This is common, a focus on process over results. My friend was focusing on process, the decision. While the decision led the team to take a route she would not have taken, the decision her boss made still got them the results they were looking for. They met their goal in a positive and productive way. Not only was my friend’s thought process insightful, but it helped her stay focused on the big picture.
All teams are striving toward meeting a goal and getting results and there are often countless ways to get there. Remaining focused on the goal of the work helps soften those less desirable decisions.
Be the direct report you would want to have. This means to offer help or support to your boss. Looks for ways to take something off their plate or demonstrate curiosity for what they do. Some bosses make bad decisions because they simply lack the skills and experience to do so. It’s not intentional, rather it’s a symptom.
By being a support to your boss, trust builds, and opportunities arise to share your perspective on the work and influence your boss’s decision-making. Sometimes, teams are able to mentor their managers by inviting them into their own work experience. This is only possible with supportive and helpful relationships within the team.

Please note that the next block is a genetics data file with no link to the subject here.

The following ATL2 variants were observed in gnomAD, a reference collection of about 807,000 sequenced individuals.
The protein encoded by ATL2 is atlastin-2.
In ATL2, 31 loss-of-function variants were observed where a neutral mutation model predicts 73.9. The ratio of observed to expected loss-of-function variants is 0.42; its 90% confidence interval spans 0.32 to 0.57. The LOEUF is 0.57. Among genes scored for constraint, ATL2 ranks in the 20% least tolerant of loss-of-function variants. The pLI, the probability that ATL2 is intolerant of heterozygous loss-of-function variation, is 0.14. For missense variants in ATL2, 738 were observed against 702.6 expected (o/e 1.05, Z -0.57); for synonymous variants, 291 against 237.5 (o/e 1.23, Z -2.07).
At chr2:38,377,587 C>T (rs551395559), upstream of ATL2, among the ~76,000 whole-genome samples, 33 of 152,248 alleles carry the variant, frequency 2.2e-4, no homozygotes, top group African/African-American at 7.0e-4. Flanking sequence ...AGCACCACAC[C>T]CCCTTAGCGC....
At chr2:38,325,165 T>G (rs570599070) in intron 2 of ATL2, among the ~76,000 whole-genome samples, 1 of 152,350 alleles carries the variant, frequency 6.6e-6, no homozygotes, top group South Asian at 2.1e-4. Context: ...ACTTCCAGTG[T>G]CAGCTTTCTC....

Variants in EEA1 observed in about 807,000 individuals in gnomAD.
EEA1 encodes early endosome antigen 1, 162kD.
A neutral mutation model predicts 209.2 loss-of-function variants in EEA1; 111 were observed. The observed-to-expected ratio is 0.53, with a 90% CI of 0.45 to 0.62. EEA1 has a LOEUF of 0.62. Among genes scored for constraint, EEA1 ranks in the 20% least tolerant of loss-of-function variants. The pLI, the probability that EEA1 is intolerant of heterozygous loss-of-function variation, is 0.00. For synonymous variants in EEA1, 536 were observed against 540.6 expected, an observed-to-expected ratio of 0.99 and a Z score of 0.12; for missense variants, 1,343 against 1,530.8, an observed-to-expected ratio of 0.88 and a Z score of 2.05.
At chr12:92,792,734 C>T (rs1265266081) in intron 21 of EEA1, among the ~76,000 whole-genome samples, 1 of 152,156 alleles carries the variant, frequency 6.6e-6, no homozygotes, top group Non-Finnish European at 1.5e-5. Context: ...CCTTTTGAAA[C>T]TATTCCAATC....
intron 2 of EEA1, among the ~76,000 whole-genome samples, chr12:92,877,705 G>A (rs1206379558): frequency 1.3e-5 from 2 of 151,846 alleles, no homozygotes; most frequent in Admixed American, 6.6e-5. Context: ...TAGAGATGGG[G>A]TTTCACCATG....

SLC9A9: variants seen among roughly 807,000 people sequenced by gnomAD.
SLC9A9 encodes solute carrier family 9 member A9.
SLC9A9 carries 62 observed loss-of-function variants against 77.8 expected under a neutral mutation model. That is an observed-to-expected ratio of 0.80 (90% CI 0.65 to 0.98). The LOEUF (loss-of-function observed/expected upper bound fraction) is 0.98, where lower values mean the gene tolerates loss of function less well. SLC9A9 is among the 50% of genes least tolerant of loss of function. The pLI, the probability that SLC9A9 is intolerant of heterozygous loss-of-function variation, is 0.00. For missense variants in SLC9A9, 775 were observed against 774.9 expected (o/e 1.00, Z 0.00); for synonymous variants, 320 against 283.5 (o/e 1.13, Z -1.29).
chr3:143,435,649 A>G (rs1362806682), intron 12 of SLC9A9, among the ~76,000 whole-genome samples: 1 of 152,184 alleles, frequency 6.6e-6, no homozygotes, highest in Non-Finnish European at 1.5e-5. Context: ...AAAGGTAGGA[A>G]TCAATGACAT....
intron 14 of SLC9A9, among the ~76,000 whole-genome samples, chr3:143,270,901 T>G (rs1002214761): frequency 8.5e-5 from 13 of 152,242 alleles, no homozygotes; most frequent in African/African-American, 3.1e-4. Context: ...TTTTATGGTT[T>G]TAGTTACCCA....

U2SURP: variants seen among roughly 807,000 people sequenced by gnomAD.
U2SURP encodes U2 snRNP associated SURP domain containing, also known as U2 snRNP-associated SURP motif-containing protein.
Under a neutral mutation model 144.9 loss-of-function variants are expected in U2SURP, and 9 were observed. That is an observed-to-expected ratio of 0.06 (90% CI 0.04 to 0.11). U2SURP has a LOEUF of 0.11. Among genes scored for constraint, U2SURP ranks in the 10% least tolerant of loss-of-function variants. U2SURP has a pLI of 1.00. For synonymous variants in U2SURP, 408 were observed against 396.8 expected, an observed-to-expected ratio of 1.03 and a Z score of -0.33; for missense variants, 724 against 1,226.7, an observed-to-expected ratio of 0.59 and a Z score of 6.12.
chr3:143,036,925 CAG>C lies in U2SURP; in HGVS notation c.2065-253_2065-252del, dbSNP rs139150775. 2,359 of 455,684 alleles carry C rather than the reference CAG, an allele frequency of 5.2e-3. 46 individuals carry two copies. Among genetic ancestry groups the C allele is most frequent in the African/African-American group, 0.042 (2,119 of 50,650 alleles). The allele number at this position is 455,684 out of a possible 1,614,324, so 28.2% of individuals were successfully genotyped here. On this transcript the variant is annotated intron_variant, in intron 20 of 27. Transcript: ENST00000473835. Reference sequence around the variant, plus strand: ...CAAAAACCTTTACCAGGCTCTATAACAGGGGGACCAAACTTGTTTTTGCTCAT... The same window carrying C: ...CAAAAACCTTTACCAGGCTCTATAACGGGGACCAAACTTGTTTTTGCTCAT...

Disagreeing with decisions at work is almost a guarantee. In some ways, it’s the beauty of diverse individuals coming together to work toward a common goal. However, without some strategies and perspective, the disagreement can become a distraction, even an obstacle. It keeps us from getting the results we want. Avoiding FAE’s, demonstrating empathy, focusing on the goal, and offering help will go a long way to maintain to your performance in face of decision disagreement. But, it will also likely help the performance of the whole team.
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Until next time!
Amy Drader is a management consultant and credentialed coach with over 20 years’ experience in HR and operations. She knows first-hand the joys and challenges of leading people and is dedicated to helping managers and teams advance their performance. She is the owner of Growth Partners Consulting, a boutique leadership and team development consulting firm that provides customized training, coaching, and professional development resources.